Donald Trump’s impending visit to Britain – one which has been surrounded by controversy and is expected to draw massive protests – may be extended because he wants to play golf while in this country.
The US president is expected to be on a golf course, possibly Turnberry in Ayrshire which his family owns, with a British professional golfer, although details have yet to be arranged. There have been previous reports that he may play a round with Prince Andrew, but there is no confirmation that this will take place.
The invitation by Theresa May’s government to Mr Trump to visit Britain has been met with sustained opposition. MPs have stated that he should not be allowed to address parliament and London’s Mayor, Sadiq Khan, has called for peaceful protests to show that the US president’s views were not shared by the vast majority of Londoners.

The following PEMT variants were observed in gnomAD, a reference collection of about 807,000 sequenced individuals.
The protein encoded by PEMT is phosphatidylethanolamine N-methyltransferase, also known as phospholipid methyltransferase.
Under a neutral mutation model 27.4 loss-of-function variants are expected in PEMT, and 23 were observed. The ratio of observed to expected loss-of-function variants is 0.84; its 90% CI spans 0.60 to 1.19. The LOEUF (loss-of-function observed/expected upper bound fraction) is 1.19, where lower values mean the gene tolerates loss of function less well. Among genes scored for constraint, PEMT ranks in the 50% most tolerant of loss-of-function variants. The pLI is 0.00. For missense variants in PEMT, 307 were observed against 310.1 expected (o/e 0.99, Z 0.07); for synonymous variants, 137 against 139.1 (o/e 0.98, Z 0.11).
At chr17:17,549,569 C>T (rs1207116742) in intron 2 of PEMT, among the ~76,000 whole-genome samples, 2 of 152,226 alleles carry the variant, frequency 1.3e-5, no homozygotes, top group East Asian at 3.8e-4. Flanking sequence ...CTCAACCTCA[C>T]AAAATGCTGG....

The trip next month will be on 13 Friday after a Nato summit during which Britain will be asked to supply more troops to help the UK mission in Afghanistan. He will hold talks with Ms May and also, it has been reported, meet the Queen at Windsor, although details of the programme are yet to be finalised. He is not going to visit the US Embassy whose new location, South London, is, he thinks, “lousy” and “horrible”. An extra day may be added on for the US president to play golf.
The trip will not be the formal state visit Ms May offered the president when she visited the White House in January last year, but rather what has been termed a working one and that term will continue to apply even though half of it will be taken up with Mr Trump playing golf.
The state visit is expected to take place next year provided he is still in office and is not facing impeachment over his Russian connections – a distinct possibility if the Democrats win the House of Representatives and the Senate in the mid-term November elections.